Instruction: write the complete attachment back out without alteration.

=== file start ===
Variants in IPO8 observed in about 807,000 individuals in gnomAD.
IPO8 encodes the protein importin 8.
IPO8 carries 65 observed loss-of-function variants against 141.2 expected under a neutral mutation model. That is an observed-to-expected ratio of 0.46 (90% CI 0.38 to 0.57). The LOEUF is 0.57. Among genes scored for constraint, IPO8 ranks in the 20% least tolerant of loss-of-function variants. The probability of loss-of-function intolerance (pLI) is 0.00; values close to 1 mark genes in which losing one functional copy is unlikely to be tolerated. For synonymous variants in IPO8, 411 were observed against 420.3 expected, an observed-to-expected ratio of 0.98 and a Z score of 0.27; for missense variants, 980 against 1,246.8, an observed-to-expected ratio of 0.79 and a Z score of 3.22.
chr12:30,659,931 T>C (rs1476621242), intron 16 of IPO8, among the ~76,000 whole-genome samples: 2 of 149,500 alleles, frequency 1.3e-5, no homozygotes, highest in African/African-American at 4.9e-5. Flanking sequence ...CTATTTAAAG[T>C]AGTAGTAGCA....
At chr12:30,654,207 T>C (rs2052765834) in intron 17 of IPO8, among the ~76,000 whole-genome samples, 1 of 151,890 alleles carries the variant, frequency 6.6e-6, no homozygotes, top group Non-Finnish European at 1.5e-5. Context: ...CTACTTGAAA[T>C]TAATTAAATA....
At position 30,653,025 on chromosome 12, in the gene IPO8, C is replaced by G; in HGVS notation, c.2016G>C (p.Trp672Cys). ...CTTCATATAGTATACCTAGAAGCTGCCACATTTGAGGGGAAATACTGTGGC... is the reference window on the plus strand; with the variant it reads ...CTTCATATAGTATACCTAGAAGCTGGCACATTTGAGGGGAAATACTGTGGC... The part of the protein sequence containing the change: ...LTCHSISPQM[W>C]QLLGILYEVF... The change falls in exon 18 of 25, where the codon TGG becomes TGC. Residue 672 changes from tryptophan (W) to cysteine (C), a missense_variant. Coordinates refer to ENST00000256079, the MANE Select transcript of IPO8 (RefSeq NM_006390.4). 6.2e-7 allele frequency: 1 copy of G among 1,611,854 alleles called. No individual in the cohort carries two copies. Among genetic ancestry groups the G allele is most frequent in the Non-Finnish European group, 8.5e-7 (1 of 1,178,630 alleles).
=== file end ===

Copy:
Variants in IPO8 observed in about 807,000 individuals in gnomAD.
IPO8 encodes the protein importin 8.
IPO8 carries 65 observed loss-of-function variants against 141.2 expected under a neutral mutation model. That is an observed-to-expected ratio of 0.46 (90% CI 0.38 to 0.57). The LOEUF is 0.57. Among genes scored for constraint, IPO8 ranks in the 20% least tolerant of loss-of-function variants. The probability of loss-of-function intolerance (pLI) is 0.00; values close to 1 mark genes in which losing one functional copy is unlikely to be tolerated. For synonymous variants in IPO8, 411 were observed against 420.3 expected, an observed-to-expected ratio of 0.98 and a Z score of 0.27; for missense variants, 980 against 1,246.8, an observed-to-expected ratio of 0.79 and a Z score of 3.22.
chr12:30,659,931 T>C (rs1476621242), intron 16 of IPO8, among the ~76,000 whole-genome samples: 2 of 149,500 alleles, frequency 1.3e-5, no homozygotes, highest in African/African-American at 4.9e-5. Flanking sequence ...CTATTTAAAG[T>C]AGTAGTAGCA....
At chr12:30,654,207 T>C (rs2052765834) in intron 17 of IPO8, among the ~76,000 whole-genome samples, 1 of 151,890 alleles carries the variant, frequency 6.6e-6, no homozygotes, top group Non-Finnish European at 1.5e-5. Context: ...CTACTTGAAA[T>C]TAATTAAATA....
At position 30,653,025 on chromosome 12, in the gene IPO8, C is replaced by G; in HGVS notation, c.2016G>C (p.Trp672Cys). ...CTTCATATAGTATACCTAGAAGCTGCCACATTTGAGGGGAAATACTGTGGC... is the reference window on the plus strand; with the variant it reads ...CTTCATATAGTATACCTAGAAGCTGGCACATTTGAGGGGAAATACTGTGGC... The part of the protein sequence containing the change: ...LTCHSISPQM[W>C]QLLGILYEVF... The change falls in exon 18 of 25, where the codon TGG becomes TGC. Residue 672 changes from tryptophan (W) to cysteine (C), a missense_variant. Coordinates refer to ENST00000256079, the MANE Select transcript of IPO8 (RefSeq NM_006390.4). 6.2e-7 allele frequency: 1 copy of G among 1,611,854 alleles called. No individual in the cohort carries two copies. Among genetic ancestry groups the G allele is most frequent in the Non-Finnish European group, 8.5e-7 (1 of 1,178,630 alleles).